If he’d had his choice, Josh Leivo would like to have been part of the Leafs’ plans. But in early December it was clear the team didn’t have room for him to be an everyday skater anymore, so Toronto shipped him to Vancouver for forward Michael Carcone.
Out west, Leivo has finally found a home, slotting into a top-nine role nightly. Through his first 14 games, Leivo tallied four goals and one assist, before being sidelined by back spasms. That injury will force the Innisfil, Ontario native to miss Saturday’s game in Toronto, but his former teammates are glad Leivo's found his footing.
“It’s too bad [we won’t see him],” Rielly said. “He’s been playing well for them. He’s a guy who was here for a long time. The fact that he went out there and has played really well is great. We’re happy for him.”
The Leafs had promised Leivo that after last season, where he appeared in just 16 games, they wouldn’t allow him to sit mostly on the shelf again for another campaign. The emergence of Kasperi Kapanen and Andreas Johnsson ultimately helped push Leivo out.
In the end, we weren’t able to play him every day like we wanted to, so I think this is a good opportunity for him,” Babcock said. “Now over time, he’s got to play with real good players and he’s got to make himself a home. I think it’s real good for Leivs.”
Leivo ended his tenure in Toronto with 14 goals and 14 assists in 94 games.
Elias Pettersson won’t play for the Canucks on Saturday, but the NHL’s top rookie was still a popular topic of conversation in Toronto.
It’s been two days since Pettersson got tangled up with Montreal Canadiens rookie Jesperi Kotkaniemi in a controversial incident that continues to spark debate. But as Pettersson awaits an MRI on his injured knee later Saturday afternoon, Canucks’ head coach Travis Green maintained there was nothing “malicious” about the play that hurt his team’s leading scorer.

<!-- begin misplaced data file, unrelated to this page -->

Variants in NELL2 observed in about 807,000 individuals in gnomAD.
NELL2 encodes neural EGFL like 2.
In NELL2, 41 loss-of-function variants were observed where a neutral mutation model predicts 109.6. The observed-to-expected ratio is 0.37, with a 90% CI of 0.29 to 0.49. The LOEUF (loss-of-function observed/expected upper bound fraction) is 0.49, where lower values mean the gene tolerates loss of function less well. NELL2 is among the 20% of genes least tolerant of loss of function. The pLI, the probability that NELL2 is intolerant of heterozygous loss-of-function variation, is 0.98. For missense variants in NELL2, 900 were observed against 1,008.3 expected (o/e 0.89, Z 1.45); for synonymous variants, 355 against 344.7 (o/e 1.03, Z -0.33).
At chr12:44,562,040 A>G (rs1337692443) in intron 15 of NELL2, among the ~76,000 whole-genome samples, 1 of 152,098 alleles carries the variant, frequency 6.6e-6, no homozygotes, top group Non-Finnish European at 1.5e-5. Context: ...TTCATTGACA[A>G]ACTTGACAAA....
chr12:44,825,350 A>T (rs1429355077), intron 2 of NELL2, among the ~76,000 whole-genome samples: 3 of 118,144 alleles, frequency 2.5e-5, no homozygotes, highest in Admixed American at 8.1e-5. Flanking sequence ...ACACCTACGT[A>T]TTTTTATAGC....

“You have to remember, excellent players have hooks and holds and try to take away time and space,” Green said. “I’m obviously upset he’s not playing, but he’s going to get attention. Little holds, little hooks. That happens to all the good players. If you ask Petey, he engaged in it a little bit, he pushed back. That’s nothing different than what all the top players do.”
Green said there’s “no sense going off on anything” when it comes to Pettersson’s injury, and that the Canucks will wait for the results of Saturday’s MRI to determine when he’ll be able to come back. At the moment, Green is optimistic the absence won’t be for long.
“He’s walking around well. He looks good,” Green observed. “Hopefully he can play very soon.”
Even without Pettersson against the Leafs, Green has no intention of seeing his team roll over.
“We’re not coming here to lose,” he shrugged. “He’s one part of our team, he’s obviously a good player. But we’re not here to lose, we’re here to win.”
Maple Leafs projected lines vs. Canucks